Kerry Wynn, undermanned Giants defense are doing just enough so far

ORCHARD PARK, N.Y. -- New York Giants cornerback Prince Amukamara, the team's 2011 first-round pick, was chatting with teammate Kerry Wynn on Sunday and asked Wynn, "What round did we draft you in?"

Wynn, who made the team as an undrafted free agent defensive end out of the University of Richmond in 2014, thought Amukamara was messing with him.

"Because he's starting, right?" Amukamara said. "He's one of our starting defense ends, an undrafted guy, and look what he's doing."

Wynn had eight tackles in Sunday's victory over the Bills, two for loss. He was at the forefront of a run defense that stifled the Bills' run game and helped the Giants take control of the game in the first half. Wynn isn't a big-time pass-rusher at this stage of his career, but his instincts, toughness and determination when playing the run have been a big part of the reason the Giants are allowing a league-low 69.8 rushing yards per game this year.

Without the injured Jason Pierre-Paul, the Giants' defense lacks star power and high-impact playmakers. But the way guys like Wynn are playing -- the way the Giants are flying to the ball and making tackles and finding a way to keep guys like Karlos Willams and Tyrod Taylor out of the end zone when they're on the one-yard line and the game's still in doubt -- that covers up a lot of flaws.

"It's been done before, no-name defense," linebacker Jon Beason said. "We've got some journeymen, some guys who've been around. But we're just buying into a mentality spearheaded by our defensive coordinator and our position coaches, and guys are doing it collectively."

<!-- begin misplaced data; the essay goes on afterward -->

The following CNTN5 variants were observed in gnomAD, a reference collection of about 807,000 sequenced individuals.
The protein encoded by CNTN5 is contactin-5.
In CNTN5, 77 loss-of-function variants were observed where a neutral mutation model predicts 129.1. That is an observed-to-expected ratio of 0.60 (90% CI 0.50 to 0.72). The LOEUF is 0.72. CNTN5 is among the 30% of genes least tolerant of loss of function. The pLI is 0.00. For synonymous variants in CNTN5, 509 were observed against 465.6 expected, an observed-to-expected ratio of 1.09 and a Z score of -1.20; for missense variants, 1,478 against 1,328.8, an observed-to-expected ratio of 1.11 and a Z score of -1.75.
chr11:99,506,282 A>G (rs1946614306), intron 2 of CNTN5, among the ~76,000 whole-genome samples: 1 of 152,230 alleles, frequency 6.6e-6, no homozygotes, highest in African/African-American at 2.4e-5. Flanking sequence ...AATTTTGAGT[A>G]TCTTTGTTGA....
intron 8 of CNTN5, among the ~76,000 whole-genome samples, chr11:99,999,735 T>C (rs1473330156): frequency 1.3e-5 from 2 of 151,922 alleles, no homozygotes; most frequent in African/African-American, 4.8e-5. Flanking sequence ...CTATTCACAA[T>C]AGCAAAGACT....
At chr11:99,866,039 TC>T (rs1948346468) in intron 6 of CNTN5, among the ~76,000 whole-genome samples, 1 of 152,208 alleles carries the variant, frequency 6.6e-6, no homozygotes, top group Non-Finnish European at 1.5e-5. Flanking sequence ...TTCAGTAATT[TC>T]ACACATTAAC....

There's a lot of bend-don't-break going on with this Giants defense. They definitely appeared to be wearing down in the second half Sunday, and the lack of a real pass rush shows up when the opposing quarterback gets into a fourth-quarter rhythm. This isn't a problem that's going away anytime soon. How do you combat it? You lean hard on what you can do. If your defensive linemen are run-stuffers and not pass-rushers, you give the opponent nothing at all against the run and force them into an uncomfortable game plan. They did it in Week 3 against Washington, which was the No. 1 rushing offense in the league coming into that game. They did it Sunday against Buffalo, which by then had assumed the No. 1 spot.

"We don't pay attention to what everybody says about us," Wynn said. "We know what we have in that room and we have each other's back, and we fly around for each other and play for each other and when we do, stuff like this happens."

Give defensive coordinator Steve Spagnuolo credit. He spent the offseason trying to instill pride and intensity in his players, educating them on great Giants defensive players of years past and convincing them they're part of something bigger than themselves. So far, the intensity and emotion has helped push aside the flaws and has the Giants sitting at 2-2 and headed into a soft portion of their schedule. No superstars? No problem. Find a way to get fired up to get it done each week. The past two weeks, it's worked quite well.